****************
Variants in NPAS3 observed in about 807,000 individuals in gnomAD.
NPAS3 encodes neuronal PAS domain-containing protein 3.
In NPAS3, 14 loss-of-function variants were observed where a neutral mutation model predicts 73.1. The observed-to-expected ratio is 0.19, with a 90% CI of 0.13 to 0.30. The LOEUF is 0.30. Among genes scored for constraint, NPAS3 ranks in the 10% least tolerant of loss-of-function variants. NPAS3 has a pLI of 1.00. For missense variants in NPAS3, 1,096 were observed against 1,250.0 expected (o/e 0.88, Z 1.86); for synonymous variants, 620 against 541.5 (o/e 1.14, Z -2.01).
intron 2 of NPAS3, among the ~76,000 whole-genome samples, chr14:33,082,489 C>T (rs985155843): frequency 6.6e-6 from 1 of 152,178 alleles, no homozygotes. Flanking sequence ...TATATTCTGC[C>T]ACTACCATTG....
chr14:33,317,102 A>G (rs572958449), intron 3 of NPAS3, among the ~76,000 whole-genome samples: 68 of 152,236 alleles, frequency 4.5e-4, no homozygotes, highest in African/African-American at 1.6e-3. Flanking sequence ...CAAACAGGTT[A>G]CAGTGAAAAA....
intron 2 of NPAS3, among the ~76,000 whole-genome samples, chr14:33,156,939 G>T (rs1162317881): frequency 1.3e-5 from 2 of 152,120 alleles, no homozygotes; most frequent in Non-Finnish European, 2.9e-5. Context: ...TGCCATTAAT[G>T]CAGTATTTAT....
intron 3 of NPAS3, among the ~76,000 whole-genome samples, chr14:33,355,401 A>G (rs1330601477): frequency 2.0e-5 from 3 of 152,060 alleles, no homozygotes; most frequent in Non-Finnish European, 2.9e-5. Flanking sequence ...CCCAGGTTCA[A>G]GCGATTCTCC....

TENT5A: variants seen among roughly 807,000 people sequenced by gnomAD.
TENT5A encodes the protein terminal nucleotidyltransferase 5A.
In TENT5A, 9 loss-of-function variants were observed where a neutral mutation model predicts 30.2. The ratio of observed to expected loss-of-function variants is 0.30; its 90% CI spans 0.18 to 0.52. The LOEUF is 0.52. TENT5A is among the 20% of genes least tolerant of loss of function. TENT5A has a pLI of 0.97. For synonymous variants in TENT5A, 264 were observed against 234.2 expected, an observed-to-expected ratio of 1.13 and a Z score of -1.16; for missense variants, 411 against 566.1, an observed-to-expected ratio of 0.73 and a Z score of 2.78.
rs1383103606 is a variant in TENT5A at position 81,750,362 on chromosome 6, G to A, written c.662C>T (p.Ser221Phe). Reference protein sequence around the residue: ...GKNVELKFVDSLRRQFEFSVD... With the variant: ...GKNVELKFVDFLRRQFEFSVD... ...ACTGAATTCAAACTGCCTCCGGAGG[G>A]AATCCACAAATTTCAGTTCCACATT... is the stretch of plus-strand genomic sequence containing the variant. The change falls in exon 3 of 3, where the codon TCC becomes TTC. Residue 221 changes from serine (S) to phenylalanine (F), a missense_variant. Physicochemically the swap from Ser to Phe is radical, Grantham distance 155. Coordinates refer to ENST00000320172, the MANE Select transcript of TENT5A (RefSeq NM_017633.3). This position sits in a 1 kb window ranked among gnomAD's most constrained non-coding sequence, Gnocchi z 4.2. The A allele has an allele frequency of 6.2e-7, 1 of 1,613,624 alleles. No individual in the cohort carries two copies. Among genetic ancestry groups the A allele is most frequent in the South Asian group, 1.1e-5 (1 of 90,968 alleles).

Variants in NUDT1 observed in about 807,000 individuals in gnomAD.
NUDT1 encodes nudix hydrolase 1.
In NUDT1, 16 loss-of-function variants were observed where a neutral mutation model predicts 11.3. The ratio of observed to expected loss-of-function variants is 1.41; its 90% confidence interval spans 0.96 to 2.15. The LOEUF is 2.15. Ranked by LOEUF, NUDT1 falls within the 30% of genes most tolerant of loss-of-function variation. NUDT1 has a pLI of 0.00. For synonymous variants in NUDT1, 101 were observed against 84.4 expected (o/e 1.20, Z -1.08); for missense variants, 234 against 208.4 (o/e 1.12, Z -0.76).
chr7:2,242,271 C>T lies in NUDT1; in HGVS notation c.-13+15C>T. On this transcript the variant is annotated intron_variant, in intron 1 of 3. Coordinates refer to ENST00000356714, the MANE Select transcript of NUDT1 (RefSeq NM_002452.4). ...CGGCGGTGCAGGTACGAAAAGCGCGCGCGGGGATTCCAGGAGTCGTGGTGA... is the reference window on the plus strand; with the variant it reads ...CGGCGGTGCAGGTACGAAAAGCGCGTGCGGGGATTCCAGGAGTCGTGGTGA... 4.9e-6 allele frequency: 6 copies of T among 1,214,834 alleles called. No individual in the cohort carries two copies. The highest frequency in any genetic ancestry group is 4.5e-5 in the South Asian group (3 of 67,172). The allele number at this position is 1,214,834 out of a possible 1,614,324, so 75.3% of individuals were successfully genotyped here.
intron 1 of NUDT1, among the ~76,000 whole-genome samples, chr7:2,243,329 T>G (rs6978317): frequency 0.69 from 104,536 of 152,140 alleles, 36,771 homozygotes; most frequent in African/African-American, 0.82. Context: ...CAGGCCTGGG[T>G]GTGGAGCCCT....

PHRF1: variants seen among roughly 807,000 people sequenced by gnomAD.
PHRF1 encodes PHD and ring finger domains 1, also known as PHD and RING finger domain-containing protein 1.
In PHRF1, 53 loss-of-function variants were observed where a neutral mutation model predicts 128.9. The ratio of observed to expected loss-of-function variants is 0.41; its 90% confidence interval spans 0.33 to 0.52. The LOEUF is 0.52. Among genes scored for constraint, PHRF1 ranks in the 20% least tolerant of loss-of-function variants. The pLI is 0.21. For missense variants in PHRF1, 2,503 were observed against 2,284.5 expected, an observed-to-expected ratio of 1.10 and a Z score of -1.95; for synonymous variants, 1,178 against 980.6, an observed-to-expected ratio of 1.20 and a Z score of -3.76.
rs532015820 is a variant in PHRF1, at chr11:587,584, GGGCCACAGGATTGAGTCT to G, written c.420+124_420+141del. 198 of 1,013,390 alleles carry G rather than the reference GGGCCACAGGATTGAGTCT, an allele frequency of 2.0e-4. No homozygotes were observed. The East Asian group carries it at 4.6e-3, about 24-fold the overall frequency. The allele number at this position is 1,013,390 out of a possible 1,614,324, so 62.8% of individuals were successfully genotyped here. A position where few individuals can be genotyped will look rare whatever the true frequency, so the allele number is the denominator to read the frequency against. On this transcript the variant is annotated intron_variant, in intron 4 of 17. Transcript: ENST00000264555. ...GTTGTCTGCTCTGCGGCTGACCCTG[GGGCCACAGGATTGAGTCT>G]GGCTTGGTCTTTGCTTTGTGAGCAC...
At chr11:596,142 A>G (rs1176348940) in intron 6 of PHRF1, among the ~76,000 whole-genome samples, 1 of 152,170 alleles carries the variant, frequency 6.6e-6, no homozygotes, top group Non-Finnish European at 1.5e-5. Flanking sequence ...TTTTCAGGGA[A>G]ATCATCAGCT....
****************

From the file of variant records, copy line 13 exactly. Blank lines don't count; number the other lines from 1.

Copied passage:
NUDT1 encodes nudix hydrolase 1.